October 13

Julius Kobner was the son of a Danish Jewish Rabbi. Following his training as an engraver he traveled from place to place plying his trade. While visiting in Hamburg, Germany he met the Baptist Johann Oncken when he came under conviction and was converted to Jesus Christ. In May, 1836 he was immersed. Soon he too was preaching the gospel – primarily among the Germans.

At the beginning of the 19th century, the Lord began stirring the hearts of some in Denmark. A young Protestant minister in Copenhagen was brought by the Holy Spirit to understand salvation by grace. In Jutland the Lord stirred the hearts of several people. On the Island of Funen a poor shoemaker became a faithful witness for his Saviour, leading many to salvation by grace.

In 1839 Kobner heard what the Lord was doing in his homeland and decided to see it first hand, meeting a number of believers in Copenhagen. After returning to Germany he talked with Oncken, and the two men returned to baptize eleven believers and forming them into the first Baptist church in Denmark. One of the new believers became their teacher. A year later Oncken and Kobner returned and baptized ten more. Despite persecution the little Baptist congregation grew, scattering the seed of the Gospel. A group of believers started gathering in Jutland where the persecution was even more severe, and several of God’s saints were jailed. English Baptists sent a delegation to plead with the King of Denmark for leniency, but there was little respite. Then finally, in 1849 a new Danish constitution was secured, providing for religious liberty. Persecution became unlawful.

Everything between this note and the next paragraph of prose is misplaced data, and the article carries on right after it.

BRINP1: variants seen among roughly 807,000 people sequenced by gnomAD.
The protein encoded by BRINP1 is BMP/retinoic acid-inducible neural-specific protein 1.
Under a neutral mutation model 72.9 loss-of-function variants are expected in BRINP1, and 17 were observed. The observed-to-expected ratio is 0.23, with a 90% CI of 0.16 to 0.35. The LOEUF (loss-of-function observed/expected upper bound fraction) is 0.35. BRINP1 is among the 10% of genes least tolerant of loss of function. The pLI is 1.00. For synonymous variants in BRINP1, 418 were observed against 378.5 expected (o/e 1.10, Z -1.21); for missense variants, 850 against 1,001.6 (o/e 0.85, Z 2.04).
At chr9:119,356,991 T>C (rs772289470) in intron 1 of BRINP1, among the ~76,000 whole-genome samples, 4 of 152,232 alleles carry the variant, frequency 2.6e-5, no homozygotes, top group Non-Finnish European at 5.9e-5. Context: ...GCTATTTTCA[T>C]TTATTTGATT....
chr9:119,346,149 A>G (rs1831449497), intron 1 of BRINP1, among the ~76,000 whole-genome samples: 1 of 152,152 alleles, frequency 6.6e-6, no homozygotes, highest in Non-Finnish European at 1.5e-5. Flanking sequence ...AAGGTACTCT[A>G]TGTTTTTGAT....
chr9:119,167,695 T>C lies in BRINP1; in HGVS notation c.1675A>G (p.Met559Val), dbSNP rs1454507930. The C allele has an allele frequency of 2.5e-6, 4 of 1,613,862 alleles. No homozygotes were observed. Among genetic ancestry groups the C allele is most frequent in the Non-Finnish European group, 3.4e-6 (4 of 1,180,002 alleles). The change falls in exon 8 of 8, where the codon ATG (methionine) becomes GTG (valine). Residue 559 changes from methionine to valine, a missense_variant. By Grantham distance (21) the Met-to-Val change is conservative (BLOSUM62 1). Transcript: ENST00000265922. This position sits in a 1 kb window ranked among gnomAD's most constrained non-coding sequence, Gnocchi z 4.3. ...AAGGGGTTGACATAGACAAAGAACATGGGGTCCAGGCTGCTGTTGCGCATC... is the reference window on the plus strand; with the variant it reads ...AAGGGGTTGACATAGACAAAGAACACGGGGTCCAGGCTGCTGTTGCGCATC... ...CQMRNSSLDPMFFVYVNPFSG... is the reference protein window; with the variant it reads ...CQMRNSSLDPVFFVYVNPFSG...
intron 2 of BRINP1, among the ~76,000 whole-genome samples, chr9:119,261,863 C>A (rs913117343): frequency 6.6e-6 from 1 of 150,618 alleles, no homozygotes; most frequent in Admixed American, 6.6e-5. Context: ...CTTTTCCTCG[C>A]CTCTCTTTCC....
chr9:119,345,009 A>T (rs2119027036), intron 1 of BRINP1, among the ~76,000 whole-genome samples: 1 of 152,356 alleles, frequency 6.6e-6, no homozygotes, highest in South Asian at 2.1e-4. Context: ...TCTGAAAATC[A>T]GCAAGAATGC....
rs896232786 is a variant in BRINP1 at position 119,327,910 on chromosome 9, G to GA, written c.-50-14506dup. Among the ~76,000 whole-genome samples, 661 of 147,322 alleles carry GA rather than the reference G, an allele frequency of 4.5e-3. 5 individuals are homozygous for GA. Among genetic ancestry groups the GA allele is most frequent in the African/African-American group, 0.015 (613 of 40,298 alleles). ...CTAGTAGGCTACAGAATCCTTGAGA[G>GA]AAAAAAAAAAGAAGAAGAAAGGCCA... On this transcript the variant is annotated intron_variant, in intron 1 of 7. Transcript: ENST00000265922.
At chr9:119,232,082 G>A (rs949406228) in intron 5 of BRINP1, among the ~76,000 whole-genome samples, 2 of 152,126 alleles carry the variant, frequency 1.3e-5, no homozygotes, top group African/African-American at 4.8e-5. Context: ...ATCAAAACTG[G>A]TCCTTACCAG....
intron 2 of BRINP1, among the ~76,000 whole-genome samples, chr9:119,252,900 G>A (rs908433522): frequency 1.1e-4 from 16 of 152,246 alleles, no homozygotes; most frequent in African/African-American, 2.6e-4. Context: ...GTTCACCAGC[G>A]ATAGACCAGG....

By 1864 there were nine Baptist churches in different parts of Denmark. The greatest need at the time was stronger spiritual leadership, and Julius Kobner returned from Germany to fill that need, pastoring the church he helped to establish in Copenhagen. The church continued to grow, until on this day in 1867 a new building, seating 400 was dedicated to the glory of God.

Tragically, since the middle of the 19th century and throughout the 20th century, Bible Christianity has declined in Europe. Today it is one of the greatest mission-fields in the world. Sadly, it appears that when a nation or region, having once been Christian, turns its back on the Lord, rarely does God return to it with great blessings.

And we are beginning to see that in North America today.